Search results for 'F. W. Zimmermann' (try it on Scholar)

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  1. F. W. Zimmermann (1984). W. F. Ryan, C. B. Schmitt (Edd.): Pseudo-Aristotle, The Secret of Secrets. Sources and Influences. (Warburg Institute Surveys, 9.) Pp. Vi+148. London: The Warburg Institute, 1983 (1982 on Title Page). Paper, £18. [REVIEW] The Classical Review 34 (01):139-.score: 650.0
  2. F. W. Zimmermann (1981). Felix Klein-Franke: Die klassische Antike in der Tradition des Islam. (Erträge der Forschung, 136.) Pp. 181. Darmstadt: Wissenschaftliche Buchgesellschaft, 1980. Paper, DM. 24.50. [REVIEW] The Classical Review 31 (02):329-330.score: 290.0
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  3. James E. Montgomery (1989). F. W. Zimmermann: Al-Farabi's Commentary and Short Treatise on Aristotle's De Interpretatione. (Classical and Medieval Logic Texts, 3.) Pp. Clii + 287. Oxford: O.U.P. For the British Academy, 1981 (Paperback 1987). [REVIEW] The Classical Review 39 (01):143-144.score: 90.0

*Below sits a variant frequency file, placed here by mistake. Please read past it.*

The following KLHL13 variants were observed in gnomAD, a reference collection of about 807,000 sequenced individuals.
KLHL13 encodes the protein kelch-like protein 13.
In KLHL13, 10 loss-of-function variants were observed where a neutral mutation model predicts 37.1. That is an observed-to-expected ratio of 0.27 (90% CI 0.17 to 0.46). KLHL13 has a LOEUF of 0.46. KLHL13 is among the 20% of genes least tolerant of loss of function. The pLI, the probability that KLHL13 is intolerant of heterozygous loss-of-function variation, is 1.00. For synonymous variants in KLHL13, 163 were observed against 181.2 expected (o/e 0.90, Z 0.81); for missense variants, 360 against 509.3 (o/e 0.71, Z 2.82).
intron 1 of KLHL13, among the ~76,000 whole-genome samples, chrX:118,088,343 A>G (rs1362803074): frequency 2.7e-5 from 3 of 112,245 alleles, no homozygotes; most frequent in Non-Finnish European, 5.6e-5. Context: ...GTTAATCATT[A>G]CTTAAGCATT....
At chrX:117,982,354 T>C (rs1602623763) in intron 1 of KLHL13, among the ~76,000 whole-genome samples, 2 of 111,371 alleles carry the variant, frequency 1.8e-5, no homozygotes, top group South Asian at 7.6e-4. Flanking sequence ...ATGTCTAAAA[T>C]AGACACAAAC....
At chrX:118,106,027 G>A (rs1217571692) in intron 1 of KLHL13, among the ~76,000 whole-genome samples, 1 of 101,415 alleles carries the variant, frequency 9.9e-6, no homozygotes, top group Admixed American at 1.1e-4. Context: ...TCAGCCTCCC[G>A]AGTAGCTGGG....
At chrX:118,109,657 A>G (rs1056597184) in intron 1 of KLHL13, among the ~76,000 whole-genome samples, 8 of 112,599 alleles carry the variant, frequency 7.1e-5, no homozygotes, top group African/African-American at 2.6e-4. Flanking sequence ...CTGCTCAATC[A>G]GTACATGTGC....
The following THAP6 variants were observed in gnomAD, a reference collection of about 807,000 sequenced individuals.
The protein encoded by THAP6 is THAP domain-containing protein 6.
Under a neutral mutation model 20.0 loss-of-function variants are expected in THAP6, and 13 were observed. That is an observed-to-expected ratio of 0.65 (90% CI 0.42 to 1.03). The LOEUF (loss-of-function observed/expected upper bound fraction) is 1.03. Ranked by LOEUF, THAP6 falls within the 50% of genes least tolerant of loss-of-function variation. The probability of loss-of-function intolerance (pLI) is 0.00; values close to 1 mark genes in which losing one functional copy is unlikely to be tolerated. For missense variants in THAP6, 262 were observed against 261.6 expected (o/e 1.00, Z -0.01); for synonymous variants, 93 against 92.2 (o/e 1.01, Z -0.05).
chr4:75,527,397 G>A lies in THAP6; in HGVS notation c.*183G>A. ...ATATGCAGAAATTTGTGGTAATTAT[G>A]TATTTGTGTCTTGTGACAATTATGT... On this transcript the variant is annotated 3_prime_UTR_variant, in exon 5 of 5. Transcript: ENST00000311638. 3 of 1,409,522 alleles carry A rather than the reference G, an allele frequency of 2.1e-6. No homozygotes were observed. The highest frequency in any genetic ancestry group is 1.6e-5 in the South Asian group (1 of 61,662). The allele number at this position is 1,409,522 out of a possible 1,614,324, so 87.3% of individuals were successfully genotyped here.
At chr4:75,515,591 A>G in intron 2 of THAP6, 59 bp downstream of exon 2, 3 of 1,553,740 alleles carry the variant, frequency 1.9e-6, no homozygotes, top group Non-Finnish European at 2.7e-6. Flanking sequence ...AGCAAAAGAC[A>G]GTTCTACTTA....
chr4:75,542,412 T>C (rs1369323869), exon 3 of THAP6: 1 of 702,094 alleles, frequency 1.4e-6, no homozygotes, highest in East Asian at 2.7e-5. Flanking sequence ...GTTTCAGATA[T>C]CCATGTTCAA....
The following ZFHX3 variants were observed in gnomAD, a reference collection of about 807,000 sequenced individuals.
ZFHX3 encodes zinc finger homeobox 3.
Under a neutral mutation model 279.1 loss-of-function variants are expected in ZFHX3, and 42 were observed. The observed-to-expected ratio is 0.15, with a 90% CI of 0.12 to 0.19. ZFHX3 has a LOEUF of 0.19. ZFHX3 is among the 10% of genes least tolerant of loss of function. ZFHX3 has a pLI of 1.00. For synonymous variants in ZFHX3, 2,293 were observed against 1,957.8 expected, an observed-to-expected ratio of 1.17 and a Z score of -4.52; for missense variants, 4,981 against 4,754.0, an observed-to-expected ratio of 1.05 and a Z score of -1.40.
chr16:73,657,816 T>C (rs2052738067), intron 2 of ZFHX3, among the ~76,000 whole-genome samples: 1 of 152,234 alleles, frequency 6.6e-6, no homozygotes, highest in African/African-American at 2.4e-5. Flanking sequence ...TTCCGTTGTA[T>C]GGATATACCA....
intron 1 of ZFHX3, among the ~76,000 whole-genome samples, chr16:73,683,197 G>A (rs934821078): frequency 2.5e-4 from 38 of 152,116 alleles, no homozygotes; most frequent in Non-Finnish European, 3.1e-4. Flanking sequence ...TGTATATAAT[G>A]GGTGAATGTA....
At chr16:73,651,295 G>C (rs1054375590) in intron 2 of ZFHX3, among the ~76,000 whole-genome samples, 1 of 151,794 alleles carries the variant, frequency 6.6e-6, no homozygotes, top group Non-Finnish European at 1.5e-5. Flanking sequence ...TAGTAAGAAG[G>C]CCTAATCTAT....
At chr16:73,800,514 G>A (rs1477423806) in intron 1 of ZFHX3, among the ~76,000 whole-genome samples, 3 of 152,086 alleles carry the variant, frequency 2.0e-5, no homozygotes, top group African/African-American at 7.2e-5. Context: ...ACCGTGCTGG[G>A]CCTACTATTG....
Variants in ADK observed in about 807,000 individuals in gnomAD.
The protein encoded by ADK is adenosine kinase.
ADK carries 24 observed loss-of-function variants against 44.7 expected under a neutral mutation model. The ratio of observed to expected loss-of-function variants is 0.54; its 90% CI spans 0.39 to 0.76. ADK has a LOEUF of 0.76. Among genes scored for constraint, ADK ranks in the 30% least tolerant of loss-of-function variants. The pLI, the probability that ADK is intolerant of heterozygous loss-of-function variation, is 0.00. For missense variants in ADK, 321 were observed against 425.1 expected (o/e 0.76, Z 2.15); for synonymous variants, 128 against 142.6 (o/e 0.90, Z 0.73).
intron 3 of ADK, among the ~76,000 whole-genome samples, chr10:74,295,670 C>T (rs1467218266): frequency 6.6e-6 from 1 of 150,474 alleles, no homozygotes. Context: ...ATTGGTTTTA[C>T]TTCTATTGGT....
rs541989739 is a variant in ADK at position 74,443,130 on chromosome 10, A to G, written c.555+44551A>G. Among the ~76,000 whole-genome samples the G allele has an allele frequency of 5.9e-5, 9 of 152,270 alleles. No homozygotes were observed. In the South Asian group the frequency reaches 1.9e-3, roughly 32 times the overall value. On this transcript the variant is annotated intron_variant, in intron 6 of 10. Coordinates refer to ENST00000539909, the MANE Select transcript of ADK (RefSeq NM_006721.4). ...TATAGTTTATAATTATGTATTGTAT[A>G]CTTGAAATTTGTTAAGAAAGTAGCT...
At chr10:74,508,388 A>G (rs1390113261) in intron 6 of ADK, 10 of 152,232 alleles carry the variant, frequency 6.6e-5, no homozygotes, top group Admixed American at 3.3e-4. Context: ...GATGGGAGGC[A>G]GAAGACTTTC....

4. E. W. Madison & B. Zimmermann-Huisgen (1986). Combinatorial and Recursive Aspects of the Automorphism Group of the Countable Atomless Boolean Algebra. Journal of Symbolic Logic 51 (2):292-301.score: 17.0
    Given an admissible indexing φ of the countable atomless Boolean algebra B, an automorphism F of B is said to be recursively presented (relative to φ) if there exists a recursive function $p \in \operatorname{Sym}(\omega)$ such that F ⚬ φ = φ ⚬ p. Our key result on recursiveness: Both the subset of $\operatorname{Aut}(\mathscr{B})$ consisting of all those automorphisms which are recursively presented relative to some indexing, and its complement, the set of all "totally nonrecursive" automorphisms, are uncountable. This arises (...)
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